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Bent middle chainring on my Acera Triple?

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Bent middle chainring on my Acera Triple?

Old 06-07-20, 01:00 PM
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DanBF
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Bent middle chainring on my Acera Triple?

I have a 2013 Fuji Absolute with an Acera triple crankset. I've been experiencing chain drops at random times. I noticed that the middle chainring seems to be bent. I'm pretty sure this is abnormal but I wanted to check with you guys before I attempt to straighten it. I took a video so you can see what I'm talking about (please disregard the reathing noises lol)
Fixing this looks pretty straightforward but I've never removed a chainring before. Do you have any tips or advice?
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Old 06-07-20, 02:16 PM
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Is the bens associated with the middle ring's shift gate? Sure looks to be a bend from over aggressive pedal pressure when shifting, this time with the left foot forward.

For an experienced wrench this is not hard to improve. straightness wise. Maybe not like OEM but better. The trick is to focus the bending back pressure right at the peak of the bend and do so with no other ill effects or chance to slip and create a big OOPS. The first possibility I would consider is to brace the DT with a fairly large flat item (and not one that has burrs) This item will be the foundation for a prying lever that acts on the ring at the right spot. Not having tiny fingers on a third hand to help locate all this taping the foundation item against the DT helps. I often use ire levers or other plastic block for this. Then the lever can be a stiff long tool, like a screwdriver or pedal wrench. Practice the set up before applying real pressure. An alternative is a hammer and punch to focus the bending pressures. But i find a lever slows down the forces and reduces the OOPS quickness. Andy
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Old 06-07-20, 05:47 PM
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I have had good success using a long-nosed Vise-Grips pliers like this: https://www.amazon.com/VISE-GRIP-Ori.../dp/B0000BYD9A to straighten bent chain rings without removing them. I find it helpful to remove the chain (I use quick links) to be able to more easily move the crankset back and forth to visualize how I am progressing. I agree (as I usually do) with Andrew Stewart that oiveragressive shifting is the likely cause; an impact would be more likely to damage the big ring.
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Old 06-07-20, 06:11 PM
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Originally Posted by DanBF View Post
I have a 2013 Fuji Absolute with an Acera triple crankset. I've been experiencing chain drops at random times. I noticed that the middle chainring seems to be bent. I'm pretty sure this is abnormal but I wanted to check with you guys before I attempt to straighten it. I took a video so you can see what I'm talking about (please disregard the reathing noises lol)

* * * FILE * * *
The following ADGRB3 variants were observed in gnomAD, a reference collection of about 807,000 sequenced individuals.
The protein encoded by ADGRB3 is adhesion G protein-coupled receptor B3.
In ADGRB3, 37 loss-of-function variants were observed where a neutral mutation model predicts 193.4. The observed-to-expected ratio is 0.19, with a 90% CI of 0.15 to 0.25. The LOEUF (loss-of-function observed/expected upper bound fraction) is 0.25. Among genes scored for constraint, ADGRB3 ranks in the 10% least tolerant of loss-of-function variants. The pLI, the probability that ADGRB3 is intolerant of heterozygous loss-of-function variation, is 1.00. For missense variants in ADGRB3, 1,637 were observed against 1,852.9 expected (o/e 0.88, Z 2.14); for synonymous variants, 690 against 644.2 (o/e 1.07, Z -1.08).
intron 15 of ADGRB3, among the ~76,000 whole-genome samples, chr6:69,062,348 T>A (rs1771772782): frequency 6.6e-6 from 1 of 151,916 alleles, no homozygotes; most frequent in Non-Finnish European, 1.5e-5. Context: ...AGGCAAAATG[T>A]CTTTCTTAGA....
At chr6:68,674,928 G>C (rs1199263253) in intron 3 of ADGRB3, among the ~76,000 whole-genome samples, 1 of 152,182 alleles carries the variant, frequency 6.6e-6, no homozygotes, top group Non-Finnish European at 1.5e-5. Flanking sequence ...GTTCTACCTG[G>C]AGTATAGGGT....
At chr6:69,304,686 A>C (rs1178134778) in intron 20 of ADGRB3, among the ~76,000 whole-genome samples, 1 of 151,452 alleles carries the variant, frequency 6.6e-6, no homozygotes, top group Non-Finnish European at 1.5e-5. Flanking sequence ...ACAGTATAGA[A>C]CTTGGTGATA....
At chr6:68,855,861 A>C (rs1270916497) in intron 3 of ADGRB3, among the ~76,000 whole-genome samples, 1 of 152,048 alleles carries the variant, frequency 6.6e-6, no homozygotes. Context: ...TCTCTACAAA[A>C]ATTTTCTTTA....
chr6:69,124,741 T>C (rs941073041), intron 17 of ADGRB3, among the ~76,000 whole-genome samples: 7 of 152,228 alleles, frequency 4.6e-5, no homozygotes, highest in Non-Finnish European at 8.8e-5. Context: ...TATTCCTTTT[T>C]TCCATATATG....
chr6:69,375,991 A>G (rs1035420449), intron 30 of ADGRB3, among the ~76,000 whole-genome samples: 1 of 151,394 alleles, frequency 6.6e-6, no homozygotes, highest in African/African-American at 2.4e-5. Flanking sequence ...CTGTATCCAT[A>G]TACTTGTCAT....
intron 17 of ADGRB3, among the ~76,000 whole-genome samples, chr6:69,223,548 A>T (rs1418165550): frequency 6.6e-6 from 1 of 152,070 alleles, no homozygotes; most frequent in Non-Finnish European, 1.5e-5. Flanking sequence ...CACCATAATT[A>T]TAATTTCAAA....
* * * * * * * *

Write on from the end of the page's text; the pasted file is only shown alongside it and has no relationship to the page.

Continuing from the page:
Fixing this looks pretty straightforward but I've never removed a chainring before. Do you have any tips or advice?
You probably canít remove the chainrings. Acera level cranks tend to have riveted rings. You might be able to straighten it without removing the ring but itís going to be a bit harder.
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Old 06-07-20, 08:52 PM
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Originally Posted by dsbrantjr View Post
I have had good success using a long-nosed Vise-Grips pliers like this: https://www.amazon.com/VISE-GRIP-Ori.../dp/B0000BYD9A to straighten bent chain rings without removing them. I find it helpful to remove the chain (I use quick links) to be able to more easily move the crankset back and forth to visualize how I am progressing. I agree (as I usually do) with Andrew Stewart that oiveragressive shifting is the likely cause; an impact would be more likely to damage the big ring.

I, too, have used large jawed slip joint pliers to bend back ring sections. The trick is to isolate the force to only the ring bent.

If all three rings have the same "wobble" then the spider is likely the issue and bending all three rings with force on the spider arms' "bolts" (or rivets/spot welds) is the first approach. Bur when only one ring is bent that one needs to be dealt with independent from the other(s). Placing a stiff item (a cone wrench barely meets this, a open end wrench is better) across the outer (or inner) ring to spread out the reactive force is a neat trick. The slip lock pliers jaws would be on that stiff brace and the bent ring's bad point.

This is a type of repair that needs creative thinking and consideration to both what's "good enough" as well as what's going wrong Andy
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